On Dec.12 last year, Gura also stated that Ukraine is on its way to prepare a political agreement on a Green Deal between Ukraine and the EU to sign, Ukrinform reported.

Dynamics of total installed capacity of renewable energy sources operating at green tariff in Ukraine, 2014-2020

Source: State Agency for Energy Efficiency and Energy Saving of Ukraine

However, last year, when the COVID-19 pandemic severely hit both business activities and government plans for the country’s development, it put the European green vector for Ukraine under a question mark.

For example, the state program on overcoming negative consequences from the coronavirus disease allowed enterprises to postpone environmental projects up to 2022. Plus, presented in January 2020 Ukraine’s green energy transition plan, called by experts as Ukrainian Green Agreement, still remains only as a project, not clear actions from the government’s side.

At the same time, Ukrainian government made some climate friendly steps within the framework of the EU-Ukraine Association Agreement. In September, the Cabinet of Ministers adopted a seven-year plan on improving the system on environmental monitoring.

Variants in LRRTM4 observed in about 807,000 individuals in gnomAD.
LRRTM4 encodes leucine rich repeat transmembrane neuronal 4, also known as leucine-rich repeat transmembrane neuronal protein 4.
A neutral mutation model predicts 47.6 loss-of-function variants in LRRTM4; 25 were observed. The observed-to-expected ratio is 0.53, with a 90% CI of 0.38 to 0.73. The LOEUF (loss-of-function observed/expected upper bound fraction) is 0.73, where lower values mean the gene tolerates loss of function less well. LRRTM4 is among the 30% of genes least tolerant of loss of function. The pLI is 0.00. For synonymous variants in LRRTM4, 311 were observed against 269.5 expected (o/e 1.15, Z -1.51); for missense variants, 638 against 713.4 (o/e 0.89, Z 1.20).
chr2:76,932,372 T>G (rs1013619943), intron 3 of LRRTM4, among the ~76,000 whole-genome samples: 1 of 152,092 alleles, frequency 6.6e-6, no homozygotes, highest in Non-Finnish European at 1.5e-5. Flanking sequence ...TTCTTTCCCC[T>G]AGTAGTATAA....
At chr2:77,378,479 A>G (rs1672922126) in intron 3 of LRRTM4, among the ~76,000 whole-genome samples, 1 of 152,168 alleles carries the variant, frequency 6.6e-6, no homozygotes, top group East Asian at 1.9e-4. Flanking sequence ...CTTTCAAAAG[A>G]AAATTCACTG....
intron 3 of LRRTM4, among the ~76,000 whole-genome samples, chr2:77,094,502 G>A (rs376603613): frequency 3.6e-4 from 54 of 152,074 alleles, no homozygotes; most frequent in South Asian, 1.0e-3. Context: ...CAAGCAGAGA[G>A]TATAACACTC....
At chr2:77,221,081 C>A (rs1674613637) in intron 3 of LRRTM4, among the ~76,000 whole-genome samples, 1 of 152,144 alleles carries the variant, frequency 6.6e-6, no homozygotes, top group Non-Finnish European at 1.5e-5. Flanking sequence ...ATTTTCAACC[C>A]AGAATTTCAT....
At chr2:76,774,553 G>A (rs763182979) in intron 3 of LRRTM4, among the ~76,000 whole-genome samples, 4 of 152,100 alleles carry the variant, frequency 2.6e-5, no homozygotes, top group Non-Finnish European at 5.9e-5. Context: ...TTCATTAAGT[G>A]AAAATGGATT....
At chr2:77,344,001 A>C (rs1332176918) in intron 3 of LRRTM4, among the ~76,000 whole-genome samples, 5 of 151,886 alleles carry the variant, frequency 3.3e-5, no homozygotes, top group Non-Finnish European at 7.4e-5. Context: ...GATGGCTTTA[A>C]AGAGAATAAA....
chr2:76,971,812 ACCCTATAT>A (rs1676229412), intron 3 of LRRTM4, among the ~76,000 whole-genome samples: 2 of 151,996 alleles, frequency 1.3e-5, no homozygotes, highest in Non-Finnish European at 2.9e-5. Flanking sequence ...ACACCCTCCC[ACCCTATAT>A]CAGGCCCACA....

It includes a national market for greenhouse gas quotas trading, which will be launched this year. The government officials also created a special commission on climate change and preservation of the ozone layer to track and fight climate change. In addition, the Cabinet adopted several resolutions to protect Carpathians mountains, severely damaged due to illegal logging.

Prime Minister Denys Shmyhal said during the meeting that it will strengthen Ukraine’s reputation as a “reliable participant in global processes to combat climate change.”

“If Ukraine does not introduce a system of accounting for gas emissions in time, the business that will pay additional taxes for the export of its products may suffer,” said Shmyhal, government portal reported.